Otmar Szafnauer explains why ‘two popes’ does work with Laurent Rossi at Alpine

Michelle Foster
Alpine team principal Otmar Szafnauer. Austria July 2022.

Otmar Szafnauer surveys the grid in front of the Alpine of Esteban Ocon. Austria July 2022.

Walking away from Aston Martin having declared that “two popes” don’t work, Otmar Szafnauer isn’t finding it a problem at Alpine as Laurent Rossi is “really easy” to work with.

Just over one year after Martin Whitmarsh joined Aston Martin in the new role of Group Chief Executive Officer of Performance Technologies, Szafnauer left the team.

Speaking shortly after, he told the media that “when you have two popes, it’s just not right. So I think it was time to leave and leave Aston Martin to their one pope, and I’m going to go try to help Alpine to the best of my ability.”

But even at Alpine he doesn’t had full autonomy as he reports to Alpine CEO Rossi, who is in charge of not only the road car division but also the Formula 1 team.

Szafnauer, however, says with Rossi the “two popes” structure works.

“Working with Laurent is really easy,” the 58-year-old told Autosport, “because we’re like popes of separate churches. He’s CEO of Alpine, the car company, and I report to him.

“One of the pillars of the Alpine car company is a F1 team, or one of the entities underneath him. So I just report to him there.

“He’s got all sorts of other direct reports, to sell cars, design cars, manufacture cars, market the cars, all that stuff. It’s kind of like Toto [Wolff] reporting to Ola Kallenius.”

According to Szafnauer, who complained that at Aston Martin he “didn’t have the influence that I thought I should have”, there is now a clear divide between his responsibilities at Alpine and Rossi’s.

“The last thing you want when you first come in is to have underlap,” he said.

“Overlap means I do this and you do this, so we overlap on this stuff. Underlap is I don’t do it, and you don’t do it. And it just falls through the cracks so that’s worse.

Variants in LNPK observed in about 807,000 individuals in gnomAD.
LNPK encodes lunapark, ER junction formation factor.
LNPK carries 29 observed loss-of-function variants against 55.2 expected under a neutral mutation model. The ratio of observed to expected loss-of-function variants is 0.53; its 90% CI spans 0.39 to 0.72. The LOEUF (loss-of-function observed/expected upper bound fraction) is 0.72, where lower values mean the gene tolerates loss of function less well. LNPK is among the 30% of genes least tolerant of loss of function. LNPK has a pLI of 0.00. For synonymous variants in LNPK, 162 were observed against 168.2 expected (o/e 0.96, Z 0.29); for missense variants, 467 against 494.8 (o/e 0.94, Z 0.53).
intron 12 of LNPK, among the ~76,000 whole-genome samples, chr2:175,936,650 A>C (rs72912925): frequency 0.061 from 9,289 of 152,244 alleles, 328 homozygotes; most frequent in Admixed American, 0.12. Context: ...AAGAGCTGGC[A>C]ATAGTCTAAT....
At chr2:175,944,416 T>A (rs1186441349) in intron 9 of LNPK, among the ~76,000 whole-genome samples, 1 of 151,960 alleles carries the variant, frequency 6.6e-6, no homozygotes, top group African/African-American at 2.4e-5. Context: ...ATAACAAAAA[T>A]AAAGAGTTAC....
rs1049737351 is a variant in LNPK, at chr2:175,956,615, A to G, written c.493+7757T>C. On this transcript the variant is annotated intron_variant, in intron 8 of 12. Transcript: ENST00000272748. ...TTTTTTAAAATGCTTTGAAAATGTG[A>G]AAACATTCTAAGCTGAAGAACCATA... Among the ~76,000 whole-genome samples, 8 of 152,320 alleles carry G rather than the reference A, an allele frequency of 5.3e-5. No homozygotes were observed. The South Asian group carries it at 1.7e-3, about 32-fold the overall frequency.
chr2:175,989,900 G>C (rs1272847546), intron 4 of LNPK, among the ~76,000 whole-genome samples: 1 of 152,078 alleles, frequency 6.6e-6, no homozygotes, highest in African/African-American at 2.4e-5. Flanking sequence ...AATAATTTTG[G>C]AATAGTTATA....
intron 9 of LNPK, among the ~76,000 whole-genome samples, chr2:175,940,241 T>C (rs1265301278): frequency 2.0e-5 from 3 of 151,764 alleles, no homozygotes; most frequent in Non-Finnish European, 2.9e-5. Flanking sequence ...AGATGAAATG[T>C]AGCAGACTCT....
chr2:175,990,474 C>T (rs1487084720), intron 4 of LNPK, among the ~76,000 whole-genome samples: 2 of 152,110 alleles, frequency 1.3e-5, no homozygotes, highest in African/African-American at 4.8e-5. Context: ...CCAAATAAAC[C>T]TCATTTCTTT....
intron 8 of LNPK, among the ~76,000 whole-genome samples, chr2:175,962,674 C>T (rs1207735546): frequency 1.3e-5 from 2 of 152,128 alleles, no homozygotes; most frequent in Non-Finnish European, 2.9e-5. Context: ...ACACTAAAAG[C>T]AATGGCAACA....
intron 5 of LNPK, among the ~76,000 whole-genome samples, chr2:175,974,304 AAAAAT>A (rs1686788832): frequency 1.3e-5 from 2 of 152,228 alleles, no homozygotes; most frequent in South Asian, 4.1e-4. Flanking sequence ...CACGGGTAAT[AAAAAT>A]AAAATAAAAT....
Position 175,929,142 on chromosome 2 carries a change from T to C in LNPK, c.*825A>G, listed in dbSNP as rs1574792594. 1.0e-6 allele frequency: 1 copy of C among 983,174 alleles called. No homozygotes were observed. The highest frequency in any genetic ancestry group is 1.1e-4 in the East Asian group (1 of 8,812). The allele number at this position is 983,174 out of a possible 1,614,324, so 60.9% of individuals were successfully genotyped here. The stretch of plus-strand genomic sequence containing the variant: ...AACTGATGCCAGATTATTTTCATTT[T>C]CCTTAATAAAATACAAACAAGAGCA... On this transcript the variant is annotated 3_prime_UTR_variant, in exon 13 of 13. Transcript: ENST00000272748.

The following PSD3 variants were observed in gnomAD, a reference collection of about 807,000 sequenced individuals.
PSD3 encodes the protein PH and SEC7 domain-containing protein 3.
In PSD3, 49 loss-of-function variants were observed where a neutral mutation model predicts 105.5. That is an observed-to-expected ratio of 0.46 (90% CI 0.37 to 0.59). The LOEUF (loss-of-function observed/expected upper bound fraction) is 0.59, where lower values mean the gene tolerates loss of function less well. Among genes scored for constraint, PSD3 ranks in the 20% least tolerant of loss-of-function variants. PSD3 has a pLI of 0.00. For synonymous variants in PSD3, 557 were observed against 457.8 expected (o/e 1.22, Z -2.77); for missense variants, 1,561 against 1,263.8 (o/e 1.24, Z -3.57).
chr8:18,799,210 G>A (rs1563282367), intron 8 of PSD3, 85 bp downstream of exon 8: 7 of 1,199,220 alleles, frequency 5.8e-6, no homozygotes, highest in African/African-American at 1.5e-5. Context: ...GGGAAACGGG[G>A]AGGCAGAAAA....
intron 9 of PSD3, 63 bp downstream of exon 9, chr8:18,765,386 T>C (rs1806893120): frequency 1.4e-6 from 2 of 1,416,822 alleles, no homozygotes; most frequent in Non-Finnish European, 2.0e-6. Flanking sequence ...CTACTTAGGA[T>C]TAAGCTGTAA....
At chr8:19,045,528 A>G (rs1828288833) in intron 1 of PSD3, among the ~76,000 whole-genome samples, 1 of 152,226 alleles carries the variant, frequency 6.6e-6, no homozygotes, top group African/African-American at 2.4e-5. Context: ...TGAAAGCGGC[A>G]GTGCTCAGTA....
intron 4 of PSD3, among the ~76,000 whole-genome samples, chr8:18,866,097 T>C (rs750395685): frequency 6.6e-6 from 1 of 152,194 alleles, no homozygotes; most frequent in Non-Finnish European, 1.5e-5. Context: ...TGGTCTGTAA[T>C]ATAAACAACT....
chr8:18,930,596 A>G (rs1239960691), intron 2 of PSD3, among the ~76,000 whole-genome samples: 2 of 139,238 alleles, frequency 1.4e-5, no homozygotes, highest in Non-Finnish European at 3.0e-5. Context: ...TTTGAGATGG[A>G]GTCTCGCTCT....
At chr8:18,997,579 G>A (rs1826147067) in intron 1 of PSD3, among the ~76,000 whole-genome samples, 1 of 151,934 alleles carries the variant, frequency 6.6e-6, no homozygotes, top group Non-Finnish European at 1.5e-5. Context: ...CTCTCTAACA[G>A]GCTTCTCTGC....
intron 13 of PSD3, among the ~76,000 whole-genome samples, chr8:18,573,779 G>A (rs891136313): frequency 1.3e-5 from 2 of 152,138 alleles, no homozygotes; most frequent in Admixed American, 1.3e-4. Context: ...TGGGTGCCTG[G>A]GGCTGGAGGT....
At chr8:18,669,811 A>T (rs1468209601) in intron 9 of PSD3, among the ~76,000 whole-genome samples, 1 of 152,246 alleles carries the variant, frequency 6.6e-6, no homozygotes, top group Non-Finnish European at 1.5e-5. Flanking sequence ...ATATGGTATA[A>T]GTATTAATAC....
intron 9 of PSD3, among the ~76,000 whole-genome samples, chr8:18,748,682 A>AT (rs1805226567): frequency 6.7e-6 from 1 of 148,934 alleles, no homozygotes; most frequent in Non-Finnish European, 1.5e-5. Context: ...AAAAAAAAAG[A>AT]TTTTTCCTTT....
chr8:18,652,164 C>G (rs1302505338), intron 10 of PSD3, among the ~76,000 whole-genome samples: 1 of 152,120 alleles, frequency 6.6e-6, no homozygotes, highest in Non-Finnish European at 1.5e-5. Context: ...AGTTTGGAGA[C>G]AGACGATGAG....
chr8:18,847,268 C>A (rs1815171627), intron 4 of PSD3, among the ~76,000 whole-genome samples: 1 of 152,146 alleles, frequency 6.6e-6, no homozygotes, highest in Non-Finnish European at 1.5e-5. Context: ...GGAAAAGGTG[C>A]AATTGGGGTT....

“At the beginning, there was some overlap. And then [it becomes] I’ll do this, you do this, then you get it so there’s no underlap, there’s no overlap, I do this stuff, you do this stuff. And we’re at that spot now.”

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That meant when Alpine began looking for a new driver to replace the Aston Martin-bound Fernando Alonso, Szafnauer led the charge.

He revealed he initially spoke with AlphaTauri team boss Franz Tost about Pierre Gasly with the Austrian adamant his driver wasn’t available.

But even after Tost’s no, he went onto contact Red Bull motorsport advisor Helmut Marko and set the ball in motion for Gasly to join Alpine.

Szafnauer says he kept Rossi informed as the process went along.

“I called Franz to say can you release him and Franz said no,” he said. “And so I said, ‘well, great. I’m glad you said that’.

“Because the last thing I wanted to hear was, yeah, I can’t wait to get rid of this guy! He said, no, I need him, he’s a great driver. I don’t want to lose him.

“I said ‘thank you, with all due respect, do you mind if I call Helmut? He might have a different perspective’.

“I called Helmut. But at the same time, when I got to certain milestones, I would call Laurent and say, look, this is what I’ve done. This how far I’ve gotten. I now have to go to America and talk to Bryan Herta about a release [for Colton Herta].

“And I did that bit of it bit too. I went and had lunch with Bryan and Colton. Because the release was conditional upon Red Bull finding a replacement that they were happy with. Otherwise they wouldn’t have released him.”